15 Jul 2021

We’ve had a few people in store asking about our ‘rainbow’ selection of wines, and why they are all so different in appearance, so I’ve written a brief and very simple explanation to give you an idea why and how different styles of wines achieve their finished colour. 

First things first, grape juice is clear. If you take a freshly picked red grape and squeeze it, the juice that runs out will look like water. My point here is that colour in all wines comes from the skins, seeds and racchi aka the bunches that hold together the berries.

White wine production involves separating the skins, seeds and bunches from the juice inside, via immediate pressing, after which point the skins are composted or distilled.

Red wine is red by macerating the juice with the skins and seeds. Think of the juice as water and the skins and seeds like a tea bag. The longer the teabag is in the water (maceration), the darker and more tannic the tea, for argument's sake, the same thing applies to red wine making. With this maceration period, tannins and other phenolic compounds are extracted also. !!!Science chat!!! - Phenolics are chemical compounds that affect the taste, feel and color of wine. Tannins are part of what gives a wine structure, and they have a part in the aging potential of wine. They don't have so much a flavor as a feeling.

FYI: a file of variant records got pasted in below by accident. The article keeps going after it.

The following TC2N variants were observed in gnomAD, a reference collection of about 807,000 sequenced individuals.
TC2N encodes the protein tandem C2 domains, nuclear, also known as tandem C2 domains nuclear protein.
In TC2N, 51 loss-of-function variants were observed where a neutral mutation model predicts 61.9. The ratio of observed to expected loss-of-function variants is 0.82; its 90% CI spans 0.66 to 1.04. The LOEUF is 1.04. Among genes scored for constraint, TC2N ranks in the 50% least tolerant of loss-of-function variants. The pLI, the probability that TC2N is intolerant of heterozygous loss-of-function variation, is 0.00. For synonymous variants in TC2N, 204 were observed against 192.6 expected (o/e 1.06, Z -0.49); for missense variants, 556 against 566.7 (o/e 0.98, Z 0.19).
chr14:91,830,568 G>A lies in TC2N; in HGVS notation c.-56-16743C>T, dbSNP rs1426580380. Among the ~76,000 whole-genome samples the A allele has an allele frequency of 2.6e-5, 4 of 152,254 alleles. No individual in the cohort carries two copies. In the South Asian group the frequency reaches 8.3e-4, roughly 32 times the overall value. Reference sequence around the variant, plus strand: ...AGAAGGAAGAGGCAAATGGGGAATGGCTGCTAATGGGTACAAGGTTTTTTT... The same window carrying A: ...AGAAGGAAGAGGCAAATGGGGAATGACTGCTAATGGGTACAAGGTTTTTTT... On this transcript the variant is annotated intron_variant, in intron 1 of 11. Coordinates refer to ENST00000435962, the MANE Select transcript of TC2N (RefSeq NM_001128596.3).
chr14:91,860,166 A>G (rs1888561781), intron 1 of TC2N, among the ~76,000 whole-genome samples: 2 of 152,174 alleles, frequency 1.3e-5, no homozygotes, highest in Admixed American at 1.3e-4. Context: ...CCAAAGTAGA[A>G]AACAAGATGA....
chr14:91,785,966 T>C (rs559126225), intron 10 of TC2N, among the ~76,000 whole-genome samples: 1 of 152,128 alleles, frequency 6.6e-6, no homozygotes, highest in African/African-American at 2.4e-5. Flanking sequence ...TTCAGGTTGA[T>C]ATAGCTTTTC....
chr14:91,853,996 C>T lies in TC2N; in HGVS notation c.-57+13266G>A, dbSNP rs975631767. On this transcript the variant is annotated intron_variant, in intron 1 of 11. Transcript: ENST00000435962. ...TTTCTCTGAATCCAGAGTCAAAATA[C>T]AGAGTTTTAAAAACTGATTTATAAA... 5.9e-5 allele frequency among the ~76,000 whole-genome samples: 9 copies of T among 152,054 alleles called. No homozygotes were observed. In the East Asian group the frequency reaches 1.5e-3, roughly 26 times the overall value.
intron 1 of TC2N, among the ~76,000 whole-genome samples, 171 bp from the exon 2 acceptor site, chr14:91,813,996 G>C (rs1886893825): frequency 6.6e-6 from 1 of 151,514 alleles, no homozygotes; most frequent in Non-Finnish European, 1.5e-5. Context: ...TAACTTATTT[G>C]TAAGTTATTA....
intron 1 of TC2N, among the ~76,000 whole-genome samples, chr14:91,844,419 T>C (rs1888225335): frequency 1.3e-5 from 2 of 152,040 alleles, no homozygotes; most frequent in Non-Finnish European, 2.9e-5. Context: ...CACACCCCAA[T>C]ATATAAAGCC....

Traditionally, rose wines are made using just a short maceration period, hence their lighter colour, in some cases this could be just a matter of hours. Winemakers will press the macerating grapes as soon as their desired colour is reached, side note; if you're ever in a winery during vintage and have the opportunity to smell a rose ferment, get your schnose in there. It's just the amazingist smell ever.

The orange wines category? Currently amidst a bit of a renaissance, these are white wine grapes that have been made as red. Essentially the degree of orange depends on the colour of the skins (Pinot Gris has pink skins and will produce a different coloured finished wine to say, green skinned sauvignon blanc.) . The line at which a wine goes from white to orange, is somewhat metaphorical, but note orange wine is a winemaking technique more than it is a guarantee of ‘orange’ colour. As a loose rule, think shorter maceration = more tropical, longer maceration more savoury and phenolic ;)

Anywho, we stock all these flavours and more, have a peruse online or pop by the shop!